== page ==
The 2022 chapter has just been closed, and 2023 promises to be full of new developments. This year, many openings are expected in Paris and Ile-de-France. Wasteland, museum, gourmet market... discover our selection of new places that will mark the year 2023.
Follow us, we'll take you there!
The Hall Gourmande of Saint Ouen
Yes, the largest food court in the Ile-de-France region will open its doors this year in Saint-Ouen. This future hall will be built in the Docks district, a district in full mutation, near the Seine. Open 7 days a week, from 8am to midnight, it will house a fresh produce market, various street food brands, trucks and also a cooking school. We can already feel that we are going to feast at the counter of festive stands and enjoy the specialties of local producers on the go.
Reopening of the Musée de la Marine
Good news, history and maritime adventure enthusiasts will be able to push the doors of the Musée de la Marine again!
Located on the Place du Trocadero, this museum, often unknown to Parisians, has been given a makeover. Closed since 2017 for renovation, it has been totally reinvented to become one of the favorite cultural places of Parisians.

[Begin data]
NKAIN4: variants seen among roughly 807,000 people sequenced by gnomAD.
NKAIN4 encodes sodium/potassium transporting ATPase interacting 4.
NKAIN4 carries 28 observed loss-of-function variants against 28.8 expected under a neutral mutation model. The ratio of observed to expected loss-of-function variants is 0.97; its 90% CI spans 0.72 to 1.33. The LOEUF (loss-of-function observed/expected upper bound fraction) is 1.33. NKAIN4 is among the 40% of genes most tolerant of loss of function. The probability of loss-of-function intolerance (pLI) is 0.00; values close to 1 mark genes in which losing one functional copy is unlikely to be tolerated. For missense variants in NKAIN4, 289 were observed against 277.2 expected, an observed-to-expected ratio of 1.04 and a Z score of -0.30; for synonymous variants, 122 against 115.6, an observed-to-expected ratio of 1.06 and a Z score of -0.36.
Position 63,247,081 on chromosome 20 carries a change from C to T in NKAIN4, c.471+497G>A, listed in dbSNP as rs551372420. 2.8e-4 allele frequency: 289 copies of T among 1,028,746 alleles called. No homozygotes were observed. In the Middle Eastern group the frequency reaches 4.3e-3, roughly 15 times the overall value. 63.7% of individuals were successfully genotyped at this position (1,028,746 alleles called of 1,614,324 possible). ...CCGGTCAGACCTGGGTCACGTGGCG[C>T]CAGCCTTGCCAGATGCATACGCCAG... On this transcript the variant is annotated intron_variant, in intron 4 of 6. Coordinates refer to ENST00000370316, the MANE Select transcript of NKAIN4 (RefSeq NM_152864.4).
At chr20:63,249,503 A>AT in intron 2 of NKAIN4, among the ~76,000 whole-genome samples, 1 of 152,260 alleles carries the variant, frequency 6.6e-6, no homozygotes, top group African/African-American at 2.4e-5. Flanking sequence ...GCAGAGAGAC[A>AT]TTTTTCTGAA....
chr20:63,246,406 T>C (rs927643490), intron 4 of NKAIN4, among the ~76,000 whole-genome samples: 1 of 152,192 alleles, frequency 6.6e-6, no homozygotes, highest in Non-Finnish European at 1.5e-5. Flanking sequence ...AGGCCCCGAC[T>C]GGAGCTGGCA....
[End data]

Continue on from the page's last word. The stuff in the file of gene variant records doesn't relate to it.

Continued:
Entirely redesigned over a period of 6 years, this fascinating new space will plunge us into a unique and immersive journey to discover the sea, the seabed, the ships that cross it, the men and women who live there and its primordial role in our environment.
Musée de la Marine
17 Pl. du Trocadéro et du 11 Novembre, 75116 Paris
The Hangar Y in Meudon
The former airship hangar in Meudon (west of Paris) will soon reopen its doors to create a huge center dedicated to art.
Rehabilitated as a cultural center, this jewel of French heritage, used from 1921 to 1973 by the Air Museum to store its airships, will soon take flight.
From next March, the Hangar Y, located in the middle of the forest of Meudon, will plunge us into an incredible experience mixing art, science and technology. We can't wait!
The Gainsbourg House in the 7th
It's official, after more than thirty years of waiting, the Maison Gainsbourg will open its doors to the public in only a few months.
The 5 bis rue de Verneuil, in the 7th district of Paris, is already a place of pilgrimage for many. And for good reason: this house was for more than 20 years the home of the legendary French singer Serge Gainsbourg.
In addition to the museum visit, a bookshop-boutique, a café-restaurant and a piano-bar will also pay tribute to this illustrious man with the head of cabbage.